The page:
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Rounds with Leadership: Charting the Future of Academic Nursing – Part I

Published May 26, 2021

Welcome to Rounds with Leadership, a forum for AACN’s Board Chair and President/CEO to offer commentary on issues and trends impacting academic nursing.

May 26, 2021 - Charting the Future of Academic Nursing – Part I

At the culmination of National Nurses Week on May 11, the National Academy of Medicine released the long-awaited report on The Future of Nursing 2020-2030, which provides a blueprint for how nurses can address pervasive health inequities and serve as catalysts for change. The predominant theme threaded throughout the report is that the US cannot achieve the goal of ensuring health equity without strengthening nursing capacity and expertise. This new call to action includes practical steps that all nurses, faculty, and students can take to advance the profession’s priorities related to achieving social justice, advocating for sound public policy, and enhancing the quality of care available to all.

We were particularly pleased to see alignment between the report’s call for transformation and AACN’s strategic priorities, including synergy with The Essentials: Core Competencies for Professional Nursing Education. Endorsed by the AACN membership on April 6, the new Essentials outline competency expectations for preparing all new nurses to address the social determinants of health at both the individual and systems level, a key recommendation in the Future of Nursing report. AACN’s work to advance a competency-based approach to education, promote excellence in public health and population health, champion a robust nursing research agenda, and create inclusive learning environments are all consistent with the report’s goals. The association is well-positioned to lead efforts to meet other key objectives, which include expanding clinical learning experiences into community settings, promoting nurse wellness and resilience, stimulating nurse leadership development, and facilitating efforts to recruit diverse faculty and students into the nursing profession.

The report was produced by an expert committee co-chaired by Dr. Mary Wakefield from The University of Texas at Austin and Dr. David Williams from Harvard University. Committee members include several representatives from academic nursing, including Dr. Peter Buerhaus from Montana State University; Dr. Regina Cunningham from the University of Pennsylvania; Marcus Henderson from the University of Pennsylvania; and Dr. Greer Glazer from the University of Cincinnati who served as AACN’s representative to this group. Nursing deans and faculty across the nation were instrumental in shaping the report’s content through presentations at public forums and by providing direct feedback.

The expert committee advanced several final recommendations, which include:

  • Engaging all national nursing organizations in developing a shared agenda for addressing the social determinants of health and achieving health equity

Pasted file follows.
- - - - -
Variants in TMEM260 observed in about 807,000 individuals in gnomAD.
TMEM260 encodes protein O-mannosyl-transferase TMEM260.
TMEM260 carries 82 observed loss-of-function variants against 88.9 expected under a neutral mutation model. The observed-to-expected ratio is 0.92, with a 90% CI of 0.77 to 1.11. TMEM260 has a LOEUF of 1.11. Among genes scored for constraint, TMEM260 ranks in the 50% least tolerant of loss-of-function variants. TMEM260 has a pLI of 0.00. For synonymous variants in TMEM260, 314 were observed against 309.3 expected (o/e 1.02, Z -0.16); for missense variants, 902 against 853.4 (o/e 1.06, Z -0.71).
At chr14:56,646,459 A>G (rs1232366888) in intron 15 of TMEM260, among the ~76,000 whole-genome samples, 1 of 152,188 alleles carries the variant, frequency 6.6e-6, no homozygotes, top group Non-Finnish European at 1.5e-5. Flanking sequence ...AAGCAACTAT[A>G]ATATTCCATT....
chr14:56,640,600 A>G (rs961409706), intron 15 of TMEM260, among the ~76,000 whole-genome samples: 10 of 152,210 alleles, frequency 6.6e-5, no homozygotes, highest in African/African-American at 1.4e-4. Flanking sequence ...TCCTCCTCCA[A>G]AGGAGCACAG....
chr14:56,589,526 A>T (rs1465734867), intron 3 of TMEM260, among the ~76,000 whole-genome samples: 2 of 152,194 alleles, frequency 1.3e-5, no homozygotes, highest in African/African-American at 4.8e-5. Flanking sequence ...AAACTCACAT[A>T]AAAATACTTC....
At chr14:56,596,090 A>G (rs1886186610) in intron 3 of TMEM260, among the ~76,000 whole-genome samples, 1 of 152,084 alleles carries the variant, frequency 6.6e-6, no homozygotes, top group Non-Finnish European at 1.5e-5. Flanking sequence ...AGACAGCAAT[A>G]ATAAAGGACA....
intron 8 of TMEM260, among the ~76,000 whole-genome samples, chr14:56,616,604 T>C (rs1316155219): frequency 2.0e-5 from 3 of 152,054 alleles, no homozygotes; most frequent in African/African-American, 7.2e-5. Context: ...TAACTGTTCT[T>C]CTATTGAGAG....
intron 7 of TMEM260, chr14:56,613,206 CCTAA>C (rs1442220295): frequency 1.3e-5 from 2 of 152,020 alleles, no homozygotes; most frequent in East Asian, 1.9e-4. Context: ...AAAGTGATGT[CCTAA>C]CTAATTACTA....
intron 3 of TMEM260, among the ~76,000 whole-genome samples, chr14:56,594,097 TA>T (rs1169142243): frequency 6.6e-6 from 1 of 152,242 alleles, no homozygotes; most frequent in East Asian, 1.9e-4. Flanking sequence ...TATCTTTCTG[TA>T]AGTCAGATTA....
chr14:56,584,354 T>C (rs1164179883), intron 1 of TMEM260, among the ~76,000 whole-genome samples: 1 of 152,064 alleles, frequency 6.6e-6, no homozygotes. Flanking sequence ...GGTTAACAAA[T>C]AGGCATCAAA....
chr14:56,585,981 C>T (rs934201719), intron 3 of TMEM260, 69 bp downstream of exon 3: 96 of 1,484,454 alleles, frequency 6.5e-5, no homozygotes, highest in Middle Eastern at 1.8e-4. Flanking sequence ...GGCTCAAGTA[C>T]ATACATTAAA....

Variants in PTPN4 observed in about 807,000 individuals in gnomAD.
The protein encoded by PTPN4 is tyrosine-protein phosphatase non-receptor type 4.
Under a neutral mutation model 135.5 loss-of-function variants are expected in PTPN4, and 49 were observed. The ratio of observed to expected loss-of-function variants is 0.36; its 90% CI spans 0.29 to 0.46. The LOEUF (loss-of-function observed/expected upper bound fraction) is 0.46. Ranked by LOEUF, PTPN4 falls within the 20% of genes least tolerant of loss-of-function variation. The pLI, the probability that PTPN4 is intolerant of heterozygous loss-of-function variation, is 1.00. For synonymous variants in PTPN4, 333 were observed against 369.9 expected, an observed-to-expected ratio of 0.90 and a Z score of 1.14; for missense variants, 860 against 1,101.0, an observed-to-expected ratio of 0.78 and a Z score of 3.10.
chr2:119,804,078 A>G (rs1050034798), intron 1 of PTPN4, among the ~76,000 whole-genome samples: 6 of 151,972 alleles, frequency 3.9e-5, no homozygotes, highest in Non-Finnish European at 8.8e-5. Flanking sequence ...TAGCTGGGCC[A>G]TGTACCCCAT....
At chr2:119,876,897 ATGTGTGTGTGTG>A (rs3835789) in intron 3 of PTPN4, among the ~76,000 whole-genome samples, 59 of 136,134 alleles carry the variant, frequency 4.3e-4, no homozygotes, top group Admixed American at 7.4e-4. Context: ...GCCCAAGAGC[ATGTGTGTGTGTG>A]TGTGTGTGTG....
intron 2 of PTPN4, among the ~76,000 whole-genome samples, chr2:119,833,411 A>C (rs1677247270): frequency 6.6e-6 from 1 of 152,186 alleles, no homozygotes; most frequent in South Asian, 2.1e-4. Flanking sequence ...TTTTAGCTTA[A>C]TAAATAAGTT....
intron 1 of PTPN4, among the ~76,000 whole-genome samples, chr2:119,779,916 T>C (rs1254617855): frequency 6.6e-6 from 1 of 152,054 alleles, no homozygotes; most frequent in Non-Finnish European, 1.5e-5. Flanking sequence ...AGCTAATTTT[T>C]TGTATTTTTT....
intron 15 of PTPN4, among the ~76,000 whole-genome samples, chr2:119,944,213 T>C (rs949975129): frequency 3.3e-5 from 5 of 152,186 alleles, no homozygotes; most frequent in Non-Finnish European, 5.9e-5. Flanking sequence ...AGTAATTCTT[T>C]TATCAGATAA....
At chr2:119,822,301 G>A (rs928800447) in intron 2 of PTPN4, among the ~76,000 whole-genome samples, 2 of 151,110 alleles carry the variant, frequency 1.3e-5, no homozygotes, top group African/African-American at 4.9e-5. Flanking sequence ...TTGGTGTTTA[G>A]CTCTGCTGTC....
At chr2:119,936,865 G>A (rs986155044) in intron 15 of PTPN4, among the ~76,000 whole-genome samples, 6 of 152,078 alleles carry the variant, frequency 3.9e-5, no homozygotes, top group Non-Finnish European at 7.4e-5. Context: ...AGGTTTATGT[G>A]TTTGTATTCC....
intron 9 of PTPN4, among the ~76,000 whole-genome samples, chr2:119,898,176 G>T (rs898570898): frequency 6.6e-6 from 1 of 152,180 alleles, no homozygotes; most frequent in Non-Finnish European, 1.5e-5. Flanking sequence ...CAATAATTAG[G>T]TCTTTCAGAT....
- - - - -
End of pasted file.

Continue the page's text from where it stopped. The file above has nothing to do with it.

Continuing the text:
• Mobilizing support among state and federal government agencies, healthcare and public health organizations, payers, and foundations to take action to enable the nursing workforce to address the social determinants of health and health equity more comprehensively across practice settings
  • Implementing structures, systems, and evidence-based interventions to promote nurses’ health and well-being
  • Removing barriers to nurses to practice to the full extent of their education
  • Creating sustainable and flexible payment mechanisms to support nurses in addressing social needs and health equity
  • Leveraging the expertise of nurses in designing and utilizing innovative technologies
  • Strengthening nursing education to ensure that nurses are prepared to address social determinants of health and achieve health equity
  • Building nursing’s capacity to respond to public health emergencies
  • Engaging federal agencies and other authorities in advancing a research agenda to assess the impact of nursing interventions on the social determinants of health, environmental health, health equity, and nurses’ health and well-being

This new report builds on the work generated by the first Future of Nursing report, released in 2010, which helped to rally support for raising the education level of the nursing workforce. Though the 2020-2030 report does not offer final recommendations for the educational composition of the workforce, the call to continue advancing education at every level continues, with a special emphasis on expanding the number of baccalaureate and PhD-prepared nurses.

To better inform members about its contents, AACN recently held a webinar to give An Insider’s Look at 2020-2030 Future of Nursing Report: Charting a Path to Achieve Health Equity, which is now available on demand. Dr. Susan Hassmiller, Senior Scholar-In-Residence and Adviser on Nursing to the President of the National Academy of Medicine, who oversaw the development of the Future of Nursing reports, was the featured speaker. Other resources available to orient you to the new report include Highlights, Recommendations, and a Report Brief on Transforming Nursing Education.

In next month’s Rounds with Leadership, we will dive deeper into the Future of Nursing report’s recommendations and how they relate to AACN’s strategic priorities and goals.


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